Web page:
This is one of a new two volume edition of Collected Papers of Martha Harris and Esther Bick, which includes some papers not published in the first edition. The companion volume, Adolescence, by Martha Harris and Donald Meltzer, contains those papers by Martha Harris specifically related to adolescence.
‘These papers span sixteen years of development. They illustrate the conviction that detailed observation, especially as taught by Mrs Bick, is the basis of learning about emotional life. Thus the first few papers, while ostensibly describing the training of a child psychotherapist, are actually a guideline for learning about one’s own emotional experience and hence of becoming a person. Mattie was very much inspired by Melanie Klein’s teaching but was aware of the basic assumption groupings that arise, both internally and externally, through idealization of a great figure and which are death to individual thinking. Bion was an especial influence on her, particularly his idea of learning from the experience of tolerating frustration, and eschewing memory and desire in order to focus on the present moment.
The majority of her papers link experiences of infant observation with descriptions of analysis of child or adult cases. Each paper describes new aspects of the experience required for the development of an alive character. They are written in the concise, even-handed style of Mattie’s personality and show her intense interest in the details that make each of us unique.’
- Joan Symington, Child psychiatrist and training analyst, Australian Psychoanalytical Society
'A sentence of Bion's that Martha Harris often paraphrased was that we should not worry so much about our inhibitions, but about our proclivity to inhibit others. Many chapters in this book put across most vividly Martha Harris’ enabling talent, both in her teaching and in her clinical work.'
- Gianna Polacco Williams, Psychoanalyst; honorary child and adolescent psychotherapist, Tavistock Clinic
‘[Harris’s] readers will have the experience of sharing in the thinking and work of a highly original and creative individual who frequently delights and astonishes the reader by combinations of simplicity and profundity. Her writings vividly convey the analytic experience with its excitements, tedium, bafflement and enlightenment.’
- Shirley Hoxter (review of the original edition of Collected Papers of Martha Harris and Esther Bick)
'If ever anyone had "greatness thrust upon them", it was the reluctant Mattie at the time when Mrs Bick left the [Tavistock] Clinic and it was up to Mattie to either take over or to let the infant Child Psychotherapy course fade away'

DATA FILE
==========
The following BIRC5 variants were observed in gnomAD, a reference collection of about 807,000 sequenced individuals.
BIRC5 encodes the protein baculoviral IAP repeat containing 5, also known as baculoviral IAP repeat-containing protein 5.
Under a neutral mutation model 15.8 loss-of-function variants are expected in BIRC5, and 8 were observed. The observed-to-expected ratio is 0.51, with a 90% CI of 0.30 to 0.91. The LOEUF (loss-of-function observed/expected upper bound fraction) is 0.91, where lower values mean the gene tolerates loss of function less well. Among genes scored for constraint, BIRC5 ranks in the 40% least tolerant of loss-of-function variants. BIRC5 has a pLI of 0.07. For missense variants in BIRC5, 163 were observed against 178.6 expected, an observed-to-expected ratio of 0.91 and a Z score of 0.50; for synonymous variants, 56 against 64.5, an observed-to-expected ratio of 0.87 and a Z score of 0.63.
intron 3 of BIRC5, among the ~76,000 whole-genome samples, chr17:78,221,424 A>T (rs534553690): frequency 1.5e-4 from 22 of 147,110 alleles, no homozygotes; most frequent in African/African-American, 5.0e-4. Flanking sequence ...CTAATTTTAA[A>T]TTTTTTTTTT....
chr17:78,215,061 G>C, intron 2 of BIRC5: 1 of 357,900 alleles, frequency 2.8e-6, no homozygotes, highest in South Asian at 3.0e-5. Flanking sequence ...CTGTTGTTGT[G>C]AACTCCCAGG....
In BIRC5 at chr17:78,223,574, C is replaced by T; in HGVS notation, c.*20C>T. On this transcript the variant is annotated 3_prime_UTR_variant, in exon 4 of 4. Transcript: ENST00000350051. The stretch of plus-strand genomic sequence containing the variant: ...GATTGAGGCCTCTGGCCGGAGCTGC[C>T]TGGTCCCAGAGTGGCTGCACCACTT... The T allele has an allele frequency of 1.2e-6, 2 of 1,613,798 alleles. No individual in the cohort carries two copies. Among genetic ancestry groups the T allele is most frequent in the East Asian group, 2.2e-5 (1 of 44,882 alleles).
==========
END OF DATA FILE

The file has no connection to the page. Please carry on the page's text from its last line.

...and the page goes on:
- Donald Meltzer, Psychoanalyst
Notes about the author(s):
Martha Harris (1919-1987) read English at University College London and then Psychology at Oxford. She taught in a Froebel Teacher Training College and was trained as a Psychologist at Guys Hospital, as a Child Psychotherapist at the Tavistock Clinic, where she was for many years responsible for the child psychotherapy training in the department of Children and Families, and as a Psychoanalyst at the British Institute of Psychoanalysis. Together with her first husband Roland Harris (a teacher) she started a pioneering schools counselling service. With her second husband Donald Meltzer she wrote a psychoanalytical model of The Child in the Family in the Community for multidisciplinary use in schools and therapeutic units.
Esther Bick was born in Poland. She found her way to Switzerland during the Second World War, where she did her Ph.D. under Charlotte Buhler before moving to England to train as a psycho-analyst. She worked closely with Melanie Klein and initiated the Child Psychotherapy Training at the Tavistock Clinic which Martha Harris continued to nurture following her retirement.
Meg Harris Williams, a writer and artist, studied English at the Universities of Cambridge and Oxford and art at the Accademia di Belle Arti in Florence, and has had a lifelong psychoanalytic education. She has written and lectured extensively in the UK and abroad on psychoanalysis and literature, and teaches at the Tavistock Centre in London, and the University of Surrey. She is married with four children and lives in Farnham, Surrey.
--- from the publisher